Will the rising oil price become a drag on global consumption?

 

Oil price consumption

Although the price of crude oil is hovering around $90 a barrel as of now, the US crude oil inventories dropped for two successive weeks, implying that the demand is in the recovery mode despite the surge in relatively mild Omicron variant of the Coronavirus.

The EIA, US Energy Information Administration, reported that the US crude inventories fell by 4.8 million barrels for the week ending February 4, on Wednesday.

Last week, the EIA said in its weekly data release that the US inventories fell by more than 1 million barrels.

The consistency in falling US inventories helped crude oil markets to maintain the current price levels, despite that being detrimental to the recovery of global economies, battered by Covid-19.

For instance, in India, the world’s third biggest consumer, the use of diesel fell by 12.8% in January; since 40% Indian fuel consumption is diesel, its impact has been widely felt by the country’s crude oil sectors.

Of course, the state-wide curbs on the freedom of movement may have played a significant role in the fall of consumption of fuel in India. Analysts, however, believe the rising oil prices is factor behind the fall.

In addition, the consumption of gasoline or petrol fell by 12.2%, which coincides with the falling vehicle sales.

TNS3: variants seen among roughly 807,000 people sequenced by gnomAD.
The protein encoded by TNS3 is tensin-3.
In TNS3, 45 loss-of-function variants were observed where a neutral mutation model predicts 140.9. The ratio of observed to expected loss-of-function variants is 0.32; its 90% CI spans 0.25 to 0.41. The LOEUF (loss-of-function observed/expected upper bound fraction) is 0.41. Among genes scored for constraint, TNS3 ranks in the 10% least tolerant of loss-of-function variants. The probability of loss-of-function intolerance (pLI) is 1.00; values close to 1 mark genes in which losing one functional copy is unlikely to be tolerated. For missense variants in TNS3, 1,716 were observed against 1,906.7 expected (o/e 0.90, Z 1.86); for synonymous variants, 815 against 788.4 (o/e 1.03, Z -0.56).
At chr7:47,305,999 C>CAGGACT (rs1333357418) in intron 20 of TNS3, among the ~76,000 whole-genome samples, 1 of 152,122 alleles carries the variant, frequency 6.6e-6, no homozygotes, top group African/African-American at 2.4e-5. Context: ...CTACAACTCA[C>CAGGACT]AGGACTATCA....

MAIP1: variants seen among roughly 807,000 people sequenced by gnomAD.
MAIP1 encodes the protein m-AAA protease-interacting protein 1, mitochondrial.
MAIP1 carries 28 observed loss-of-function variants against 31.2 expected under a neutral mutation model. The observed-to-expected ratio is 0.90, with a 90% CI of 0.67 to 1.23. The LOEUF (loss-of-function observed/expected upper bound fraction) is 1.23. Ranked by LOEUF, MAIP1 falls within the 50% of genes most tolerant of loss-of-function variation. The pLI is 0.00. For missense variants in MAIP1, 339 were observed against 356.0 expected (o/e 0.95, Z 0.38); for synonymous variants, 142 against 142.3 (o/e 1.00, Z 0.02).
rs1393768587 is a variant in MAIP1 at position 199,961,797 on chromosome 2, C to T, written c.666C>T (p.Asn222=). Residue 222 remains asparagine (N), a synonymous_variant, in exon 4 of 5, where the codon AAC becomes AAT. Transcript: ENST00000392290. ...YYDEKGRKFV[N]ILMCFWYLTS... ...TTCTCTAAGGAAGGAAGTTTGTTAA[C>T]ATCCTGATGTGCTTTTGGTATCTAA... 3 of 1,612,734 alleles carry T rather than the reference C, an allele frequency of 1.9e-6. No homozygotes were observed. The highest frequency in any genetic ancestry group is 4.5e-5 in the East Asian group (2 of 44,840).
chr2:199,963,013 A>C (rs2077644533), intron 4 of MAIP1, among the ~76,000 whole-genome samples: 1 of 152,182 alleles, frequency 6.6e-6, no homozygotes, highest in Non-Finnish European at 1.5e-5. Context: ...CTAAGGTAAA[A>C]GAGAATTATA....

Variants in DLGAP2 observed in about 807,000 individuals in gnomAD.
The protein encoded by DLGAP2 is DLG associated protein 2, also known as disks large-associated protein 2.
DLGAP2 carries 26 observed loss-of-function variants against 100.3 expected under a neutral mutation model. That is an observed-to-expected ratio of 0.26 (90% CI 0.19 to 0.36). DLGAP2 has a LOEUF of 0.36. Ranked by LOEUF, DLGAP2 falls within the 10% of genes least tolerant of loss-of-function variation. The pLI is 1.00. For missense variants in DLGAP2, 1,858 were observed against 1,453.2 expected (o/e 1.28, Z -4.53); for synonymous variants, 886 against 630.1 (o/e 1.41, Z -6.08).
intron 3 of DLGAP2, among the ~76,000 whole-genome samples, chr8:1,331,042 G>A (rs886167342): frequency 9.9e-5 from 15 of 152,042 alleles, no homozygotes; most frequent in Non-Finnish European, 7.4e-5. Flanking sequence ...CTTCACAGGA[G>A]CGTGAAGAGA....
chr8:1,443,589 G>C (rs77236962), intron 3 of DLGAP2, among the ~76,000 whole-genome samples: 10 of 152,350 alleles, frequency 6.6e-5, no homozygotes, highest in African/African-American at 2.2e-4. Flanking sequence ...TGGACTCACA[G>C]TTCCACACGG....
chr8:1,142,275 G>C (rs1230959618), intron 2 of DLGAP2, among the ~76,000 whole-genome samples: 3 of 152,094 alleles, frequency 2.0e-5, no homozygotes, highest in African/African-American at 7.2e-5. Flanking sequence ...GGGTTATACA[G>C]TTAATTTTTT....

In light of these developments, economists believe that high oil prices formed a drag on the demand – and hopes of a full recovery. The growth in economy was also affected during January, 2022.

In these circumstances, Saudi Arabia raised the price of crude oil for the region – and beyond – and the move will not certainly go down well with the Indian consumers as far as the oil price is concerned.

Against this backdrop, the US announced sanction waivers to Iran as a stepping stone to stand and throw an anchor in salvaging the 2015 Iran nuclear deal; it has been oscillating between hope and abject failure since the Biden administration started talks with its Iranian counterpart.

Perhaps, the US administration must have thought that the move would calm the crude oil markets. Iran, meanwhile, is sticking to its guns demanding the removal of all sanctions.

The tug of war continues with both sides digging their heels and there is no sign of hope of reviving the JCPOA, 2015 nuclear deal, at the present, despite the negotiations being in the final stage.

Analysts are watching the developments in Vienna where the talks take place, as it can determine the direction of price movement of crude oil  in the short-run pretty accurate.

 

 


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